Diddy is speaking out against the entertainment industry for their lack of investments in black enterprise. He doesn’t think that it’s fair for executives to make billions of dollars off of our art form meanwhile they’re outsourcing non-black executives instead of placing black people in top positions at these music labels and fashion and film companies.
“You have these record companies that are making so much money off our culture, our art form, but they’re not investing or even believing in us,” says Combs. “For all the billions of dollars that these black executives have been able to make them, [there’s still hesitation] to put them in the top-level positions. They’ll go and they’ll recruit cats from overseas.”
He continues. “It makes sense to give [executives of color] a chance and embrace the evolution, instead of it being that we can only make it to president, senior VP. … There’s no black CEO of a major record company. That’s just as bad as the fact that there are no [black] majority owners in the NFL. That’s what really motivates me.”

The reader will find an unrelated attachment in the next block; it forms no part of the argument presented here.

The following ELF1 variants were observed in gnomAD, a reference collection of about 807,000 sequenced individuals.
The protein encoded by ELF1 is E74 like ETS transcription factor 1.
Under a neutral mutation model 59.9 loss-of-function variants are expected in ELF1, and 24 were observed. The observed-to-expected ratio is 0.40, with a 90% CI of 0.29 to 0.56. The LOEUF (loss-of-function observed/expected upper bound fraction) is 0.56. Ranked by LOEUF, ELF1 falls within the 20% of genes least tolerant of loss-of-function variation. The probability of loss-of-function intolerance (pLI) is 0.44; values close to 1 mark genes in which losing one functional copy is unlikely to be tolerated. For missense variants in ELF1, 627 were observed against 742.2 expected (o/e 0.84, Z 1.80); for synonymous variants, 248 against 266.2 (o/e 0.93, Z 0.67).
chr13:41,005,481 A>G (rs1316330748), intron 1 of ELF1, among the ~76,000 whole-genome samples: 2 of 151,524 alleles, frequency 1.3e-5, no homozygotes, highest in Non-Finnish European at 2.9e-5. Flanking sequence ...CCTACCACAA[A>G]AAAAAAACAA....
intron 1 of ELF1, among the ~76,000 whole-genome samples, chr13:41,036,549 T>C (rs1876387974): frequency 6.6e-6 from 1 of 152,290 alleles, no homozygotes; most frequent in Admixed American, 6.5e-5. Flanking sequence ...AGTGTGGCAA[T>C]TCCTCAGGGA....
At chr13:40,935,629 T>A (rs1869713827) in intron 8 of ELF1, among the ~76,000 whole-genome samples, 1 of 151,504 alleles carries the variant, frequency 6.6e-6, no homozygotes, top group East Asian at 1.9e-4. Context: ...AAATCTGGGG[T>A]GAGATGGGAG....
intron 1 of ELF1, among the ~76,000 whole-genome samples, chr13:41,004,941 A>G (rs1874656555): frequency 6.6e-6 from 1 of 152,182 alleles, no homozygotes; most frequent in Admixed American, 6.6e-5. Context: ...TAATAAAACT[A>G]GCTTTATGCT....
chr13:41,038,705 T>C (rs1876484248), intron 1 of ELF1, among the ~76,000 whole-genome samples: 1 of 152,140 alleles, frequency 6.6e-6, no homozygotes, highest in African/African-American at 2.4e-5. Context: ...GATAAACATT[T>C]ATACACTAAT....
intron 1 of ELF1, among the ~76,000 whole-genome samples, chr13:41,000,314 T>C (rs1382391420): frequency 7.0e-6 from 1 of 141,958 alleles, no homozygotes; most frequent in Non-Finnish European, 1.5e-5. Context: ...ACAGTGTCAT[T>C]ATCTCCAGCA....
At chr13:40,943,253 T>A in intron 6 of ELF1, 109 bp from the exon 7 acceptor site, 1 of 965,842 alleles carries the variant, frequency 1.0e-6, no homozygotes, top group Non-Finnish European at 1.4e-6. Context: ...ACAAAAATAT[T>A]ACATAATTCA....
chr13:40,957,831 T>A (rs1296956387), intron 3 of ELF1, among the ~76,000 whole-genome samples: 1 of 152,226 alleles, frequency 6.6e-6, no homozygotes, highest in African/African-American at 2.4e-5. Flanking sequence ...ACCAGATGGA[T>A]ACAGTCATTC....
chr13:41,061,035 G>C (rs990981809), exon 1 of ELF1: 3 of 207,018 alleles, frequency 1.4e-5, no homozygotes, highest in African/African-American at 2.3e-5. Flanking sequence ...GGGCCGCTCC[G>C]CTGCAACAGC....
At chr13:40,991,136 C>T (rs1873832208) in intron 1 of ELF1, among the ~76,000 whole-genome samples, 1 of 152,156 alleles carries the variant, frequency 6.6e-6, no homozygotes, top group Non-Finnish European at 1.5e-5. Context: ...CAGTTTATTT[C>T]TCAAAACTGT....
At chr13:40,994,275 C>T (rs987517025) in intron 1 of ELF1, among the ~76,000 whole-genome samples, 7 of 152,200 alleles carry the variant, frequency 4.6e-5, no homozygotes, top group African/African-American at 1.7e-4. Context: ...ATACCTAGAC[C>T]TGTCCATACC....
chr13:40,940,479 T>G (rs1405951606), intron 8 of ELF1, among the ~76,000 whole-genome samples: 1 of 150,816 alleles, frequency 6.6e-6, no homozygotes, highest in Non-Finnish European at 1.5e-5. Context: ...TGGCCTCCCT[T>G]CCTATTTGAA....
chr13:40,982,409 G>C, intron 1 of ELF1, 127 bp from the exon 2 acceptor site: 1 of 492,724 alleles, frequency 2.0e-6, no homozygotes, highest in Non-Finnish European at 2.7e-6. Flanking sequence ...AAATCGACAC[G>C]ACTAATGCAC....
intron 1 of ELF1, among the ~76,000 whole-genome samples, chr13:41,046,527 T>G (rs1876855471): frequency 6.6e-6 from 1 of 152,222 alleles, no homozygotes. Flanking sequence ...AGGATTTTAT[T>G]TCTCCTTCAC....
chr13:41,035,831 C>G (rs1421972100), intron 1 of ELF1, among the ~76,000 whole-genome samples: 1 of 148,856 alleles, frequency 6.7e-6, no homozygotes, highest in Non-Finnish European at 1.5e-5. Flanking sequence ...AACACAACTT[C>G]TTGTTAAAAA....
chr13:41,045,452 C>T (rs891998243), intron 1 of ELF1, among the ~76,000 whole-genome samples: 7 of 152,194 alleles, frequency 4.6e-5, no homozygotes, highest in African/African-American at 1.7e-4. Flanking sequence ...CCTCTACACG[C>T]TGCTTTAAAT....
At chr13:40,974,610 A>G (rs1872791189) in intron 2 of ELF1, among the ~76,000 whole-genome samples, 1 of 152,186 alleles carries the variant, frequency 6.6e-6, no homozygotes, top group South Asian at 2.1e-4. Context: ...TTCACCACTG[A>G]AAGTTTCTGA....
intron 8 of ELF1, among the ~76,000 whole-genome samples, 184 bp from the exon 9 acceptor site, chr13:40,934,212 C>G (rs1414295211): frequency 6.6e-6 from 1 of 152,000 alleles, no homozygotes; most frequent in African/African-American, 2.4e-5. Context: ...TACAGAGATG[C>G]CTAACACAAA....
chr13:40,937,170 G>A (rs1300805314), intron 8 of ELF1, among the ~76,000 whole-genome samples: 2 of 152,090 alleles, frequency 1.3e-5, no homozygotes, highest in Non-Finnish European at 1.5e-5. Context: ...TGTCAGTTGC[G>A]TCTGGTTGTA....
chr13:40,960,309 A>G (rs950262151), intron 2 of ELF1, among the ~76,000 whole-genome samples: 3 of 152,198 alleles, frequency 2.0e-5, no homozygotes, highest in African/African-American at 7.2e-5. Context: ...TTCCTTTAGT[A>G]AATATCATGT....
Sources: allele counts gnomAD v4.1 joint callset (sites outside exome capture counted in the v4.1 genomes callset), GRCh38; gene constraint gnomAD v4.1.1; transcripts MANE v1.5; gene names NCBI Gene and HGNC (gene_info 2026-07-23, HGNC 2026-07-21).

Diddy goes on to call #BlackPanther a “cruel experiment,” because it took all of this time for the movie industry to give Black people a “fair playing field on a worldwide blockbuster, and the hundreds of millions it takes to make it.”
For all of these reasons, Diddy now stresses the importance of securing access into the music, film and fashion spaces so that we can be in a position to compete too.
“We only get 5% of the venture capital invested in things that are black owned — black-owned businesses, black-owned ideas, black-owned IP,” he says. “You can’t do anything without that money, without resources. But when we do get the resources, we over-deliver. When Adidas invests in Kanye and it’s done properly, you have the right results. When Live Nation invests in artists and puts them in arenas the same way U2 would be, you have the right results. ‘Black Panther,’ ‘Black-ish,’ fashion; it’s all about access. If you’re blocked out of the resources, you can’t compete. And that’s my whole thing — to be able to come and compete.”